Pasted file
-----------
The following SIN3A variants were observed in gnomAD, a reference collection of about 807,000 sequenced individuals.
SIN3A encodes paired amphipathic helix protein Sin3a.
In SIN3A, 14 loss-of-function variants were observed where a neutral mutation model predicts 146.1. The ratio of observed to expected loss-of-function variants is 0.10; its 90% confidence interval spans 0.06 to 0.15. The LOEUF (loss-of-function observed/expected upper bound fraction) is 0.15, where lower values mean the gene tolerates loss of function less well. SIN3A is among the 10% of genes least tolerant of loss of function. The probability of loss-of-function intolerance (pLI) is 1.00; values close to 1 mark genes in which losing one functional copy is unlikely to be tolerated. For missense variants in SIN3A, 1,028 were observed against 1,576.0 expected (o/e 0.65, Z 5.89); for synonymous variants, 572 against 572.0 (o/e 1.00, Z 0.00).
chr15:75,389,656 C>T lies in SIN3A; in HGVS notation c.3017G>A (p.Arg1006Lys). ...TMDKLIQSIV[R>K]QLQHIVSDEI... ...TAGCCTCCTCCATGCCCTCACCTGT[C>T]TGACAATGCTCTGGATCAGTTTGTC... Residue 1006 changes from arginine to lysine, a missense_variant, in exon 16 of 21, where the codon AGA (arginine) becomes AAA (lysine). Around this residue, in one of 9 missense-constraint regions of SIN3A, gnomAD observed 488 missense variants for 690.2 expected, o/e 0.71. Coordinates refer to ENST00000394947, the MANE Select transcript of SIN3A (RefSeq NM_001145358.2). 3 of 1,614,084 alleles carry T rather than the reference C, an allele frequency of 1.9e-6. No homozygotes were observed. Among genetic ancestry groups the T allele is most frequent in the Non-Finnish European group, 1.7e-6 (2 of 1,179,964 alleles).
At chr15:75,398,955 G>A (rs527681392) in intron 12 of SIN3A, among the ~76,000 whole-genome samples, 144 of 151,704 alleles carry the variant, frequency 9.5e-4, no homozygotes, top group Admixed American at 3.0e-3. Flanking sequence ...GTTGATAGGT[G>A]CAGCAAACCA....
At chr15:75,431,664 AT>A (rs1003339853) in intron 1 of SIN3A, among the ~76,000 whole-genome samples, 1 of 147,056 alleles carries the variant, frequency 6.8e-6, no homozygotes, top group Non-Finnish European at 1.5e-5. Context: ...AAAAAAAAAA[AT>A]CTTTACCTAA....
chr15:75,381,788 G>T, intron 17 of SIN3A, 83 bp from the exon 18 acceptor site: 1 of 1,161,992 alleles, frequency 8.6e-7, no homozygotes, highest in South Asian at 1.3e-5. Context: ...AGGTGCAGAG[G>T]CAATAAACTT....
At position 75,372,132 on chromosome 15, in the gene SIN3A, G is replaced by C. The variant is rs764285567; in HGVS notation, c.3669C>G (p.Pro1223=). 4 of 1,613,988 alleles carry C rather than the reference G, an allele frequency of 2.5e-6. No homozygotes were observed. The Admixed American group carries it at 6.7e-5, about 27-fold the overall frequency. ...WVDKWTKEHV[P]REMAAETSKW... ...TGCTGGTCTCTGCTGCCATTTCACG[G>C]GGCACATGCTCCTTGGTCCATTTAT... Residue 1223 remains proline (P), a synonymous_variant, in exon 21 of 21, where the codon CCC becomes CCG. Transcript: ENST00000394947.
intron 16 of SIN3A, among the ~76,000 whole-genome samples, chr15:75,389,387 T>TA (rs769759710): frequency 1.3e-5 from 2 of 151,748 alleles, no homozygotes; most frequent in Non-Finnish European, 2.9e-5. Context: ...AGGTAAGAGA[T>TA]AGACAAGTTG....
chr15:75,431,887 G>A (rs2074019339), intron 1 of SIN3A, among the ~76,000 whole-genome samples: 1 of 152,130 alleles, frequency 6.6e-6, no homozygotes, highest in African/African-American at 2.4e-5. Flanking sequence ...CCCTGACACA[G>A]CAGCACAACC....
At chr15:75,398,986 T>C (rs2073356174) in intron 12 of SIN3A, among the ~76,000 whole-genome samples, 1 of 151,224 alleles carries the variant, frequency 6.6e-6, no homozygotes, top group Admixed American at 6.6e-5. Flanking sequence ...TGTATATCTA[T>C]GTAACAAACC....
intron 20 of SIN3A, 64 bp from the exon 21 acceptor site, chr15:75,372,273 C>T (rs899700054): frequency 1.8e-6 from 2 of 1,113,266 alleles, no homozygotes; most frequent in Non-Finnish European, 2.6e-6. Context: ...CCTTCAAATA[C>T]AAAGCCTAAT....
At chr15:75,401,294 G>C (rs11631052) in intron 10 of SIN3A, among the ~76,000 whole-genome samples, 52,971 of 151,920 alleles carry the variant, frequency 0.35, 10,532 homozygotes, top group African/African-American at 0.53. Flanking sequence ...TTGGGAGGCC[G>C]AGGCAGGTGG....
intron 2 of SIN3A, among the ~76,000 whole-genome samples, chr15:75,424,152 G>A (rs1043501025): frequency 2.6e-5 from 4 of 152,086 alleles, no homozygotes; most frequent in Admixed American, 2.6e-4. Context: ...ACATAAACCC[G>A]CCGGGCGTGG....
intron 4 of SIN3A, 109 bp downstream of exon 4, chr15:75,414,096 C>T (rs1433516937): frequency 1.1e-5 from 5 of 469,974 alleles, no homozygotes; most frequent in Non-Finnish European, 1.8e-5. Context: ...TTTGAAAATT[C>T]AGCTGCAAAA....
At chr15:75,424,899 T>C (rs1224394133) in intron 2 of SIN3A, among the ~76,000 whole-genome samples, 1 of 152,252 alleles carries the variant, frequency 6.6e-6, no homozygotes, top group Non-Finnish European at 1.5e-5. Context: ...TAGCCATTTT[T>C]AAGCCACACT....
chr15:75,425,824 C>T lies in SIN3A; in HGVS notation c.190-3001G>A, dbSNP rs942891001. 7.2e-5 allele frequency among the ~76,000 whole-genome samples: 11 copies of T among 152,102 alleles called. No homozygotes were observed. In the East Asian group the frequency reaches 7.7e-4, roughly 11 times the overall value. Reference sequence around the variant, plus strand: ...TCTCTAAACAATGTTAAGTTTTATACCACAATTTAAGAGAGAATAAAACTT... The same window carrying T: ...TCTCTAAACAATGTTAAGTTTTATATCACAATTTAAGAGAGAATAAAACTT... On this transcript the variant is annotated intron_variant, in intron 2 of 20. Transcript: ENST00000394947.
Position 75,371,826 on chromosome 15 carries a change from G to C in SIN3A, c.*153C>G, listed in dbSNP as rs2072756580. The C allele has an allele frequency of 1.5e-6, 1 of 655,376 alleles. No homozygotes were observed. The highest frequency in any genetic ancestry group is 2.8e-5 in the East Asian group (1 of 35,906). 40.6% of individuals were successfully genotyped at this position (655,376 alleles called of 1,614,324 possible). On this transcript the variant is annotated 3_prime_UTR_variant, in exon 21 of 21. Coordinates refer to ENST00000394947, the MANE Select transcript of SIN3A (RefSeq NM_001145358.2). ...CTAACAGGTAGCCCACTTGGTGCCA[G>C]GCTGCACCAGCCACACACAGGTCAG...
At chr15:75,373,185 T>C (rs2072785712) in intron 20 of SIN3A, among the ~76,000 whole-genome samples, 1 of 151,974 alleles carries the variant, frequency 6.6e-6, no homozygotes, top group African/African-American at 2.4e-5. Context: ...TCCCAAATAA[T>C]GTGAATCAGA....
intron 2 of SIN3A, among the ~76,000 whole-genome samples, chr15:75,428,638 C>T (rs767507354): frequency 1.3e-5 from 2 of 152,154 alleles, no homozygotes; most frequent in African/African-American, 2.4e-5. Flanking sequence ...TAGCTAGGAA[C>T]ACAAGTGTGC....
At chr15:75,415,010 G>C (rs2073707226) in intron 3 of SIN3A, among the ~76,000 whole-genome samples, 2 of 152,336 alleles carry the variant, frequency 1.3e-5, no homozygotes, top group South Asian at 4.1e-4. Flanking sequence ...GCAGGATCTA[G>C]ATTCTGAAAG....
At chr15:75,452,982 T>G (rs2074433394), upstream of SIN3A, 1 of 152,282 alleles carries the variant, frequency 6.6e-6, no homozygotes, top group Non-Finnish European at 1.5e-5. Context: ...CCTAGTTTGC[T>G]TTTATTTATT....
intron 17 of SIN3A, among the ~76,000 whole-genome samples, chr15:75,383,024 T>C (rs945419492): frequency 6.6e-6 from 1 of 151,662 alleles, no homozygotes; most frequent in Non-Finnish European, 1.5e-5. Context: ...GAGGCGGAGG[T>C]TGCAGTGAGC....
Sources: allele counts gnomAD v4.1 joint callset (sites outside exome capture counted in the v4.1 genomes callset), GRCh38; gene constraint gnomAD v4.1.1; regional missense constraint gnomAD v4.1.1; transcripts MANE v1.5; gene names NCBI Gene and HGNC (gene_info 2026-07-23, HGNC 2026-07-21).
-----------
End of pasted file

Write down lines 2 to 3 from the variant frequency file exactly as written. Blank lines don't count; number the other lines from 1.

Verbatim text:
SIN3A encodes paired amphipathic helix protein Sin3a.
In SIN3A, 14 loss-of-function variants were observed where a neutral mutation model predicts 146.1. The ratio of observed to expected loss-of-function variants is 0.10; its 90% confidence interval spans 0.06 to 0.15. The LOEUF (loss-of-function observed/expected upper bound fraction) is 0.15, where lower values mean the gene tolerates loss of function less well. SIN3A is among the 10% of genes least tolerant of loss of function. The probability of loss-of-function intolerance (pLI) is 1.00; values close to 1 mark genes in which losing one functional copy is unlikely to be tolerated. For missense variants in SIN3A, 1,028 were observed against 1,576.0 expected (o/e 0.65, Z 5.89); for synonymous variants, 572 against 572.0 (o/e 1.00, Z 0.00).